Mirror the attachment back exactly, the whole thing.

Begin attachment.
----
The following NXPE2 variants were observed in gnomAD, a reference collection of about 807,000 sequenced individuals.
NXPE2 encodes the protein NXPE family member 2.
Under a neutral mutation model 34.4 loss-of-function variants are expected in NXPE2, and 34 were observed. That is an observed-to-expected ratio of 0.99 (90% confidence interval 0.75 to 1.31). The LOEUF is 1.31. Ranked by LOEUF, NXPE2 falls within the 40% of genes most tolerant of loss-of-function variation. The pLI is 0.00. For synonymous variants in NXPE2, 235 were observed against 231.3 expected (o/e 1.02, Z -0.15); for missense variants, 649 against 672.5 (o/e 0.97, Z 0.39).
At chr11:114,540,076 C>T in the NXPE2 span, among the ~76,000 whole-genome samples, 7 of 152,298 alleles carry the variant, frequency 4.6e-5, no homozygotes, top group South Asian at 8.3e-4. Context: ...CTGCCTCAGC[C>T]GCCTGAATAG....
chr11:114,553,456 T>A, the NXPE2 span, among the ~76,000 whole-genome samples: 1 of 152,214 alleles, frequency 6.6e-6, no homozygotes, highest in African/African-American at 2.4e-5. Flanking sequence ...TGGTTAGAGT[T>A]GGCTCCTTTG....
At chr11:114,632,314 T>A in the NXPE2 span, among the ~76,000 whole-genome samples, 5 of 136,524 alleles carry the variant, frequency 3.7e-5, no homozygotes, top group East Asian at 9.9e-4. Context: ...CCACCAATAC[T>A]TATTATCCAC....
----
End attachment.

The following NXPE2 variants were observed in gnomAD, a reference collection of about 807,000 sequenced individuals.
NXPE2 encodes the protein NXPE family member 2.
Under a neutral mutation model 34.4 loss-of-function variants are expected in NXPE2, and 34 were observed. That is an observed-to-expected ratio of 0.99 (90% confidence interval 0.75 to 1.31). The LOEUF is 1.31. Ranked by LOEUF, NXPE2 falls within the 40% of genes most tolerant of loss-of-function variation. The pLI is 0.00. For synonymous variants in NXPE2, 235 were observed against 231.3 expected (o/e 1.02, Z -0.15); for missense variants, 649 against 672.5 (o/e 0.97, Z 0.39).
At chr11:114,540,076 C>T in the NXPE2 span, among the ~76,000 whole-genome samples, 7 of 152,298 alleles carry the variant, frequency 4.6e-5, no homozygotes, top group South Asian at 8.3e-4. Context: ...CTGCCTCAGC[C>T]GCCTGAATAG....
chr11:114,553,456 T>A, the NXPE2 span, among the ~76,000 whole-genome samples: 1 of 152,214 alleles, frequency 6.6e-6, no homozygotes, highest in African/African-American at 2.4e-5. Flanking sequence ...TGGTTAGAGT[T>A]GGCTCCTTTG....
At chr11:114,632,314 T>A in the NXPE2 span, among the ~76,000 whole-genome samples, 5 of 136,524 alleles carry the variant, frequency 3.7e-5, no homozygotes, top group East Asian at 9.9e-4. Context: ...CCACCAATAC[T>A]TATTATCCAC....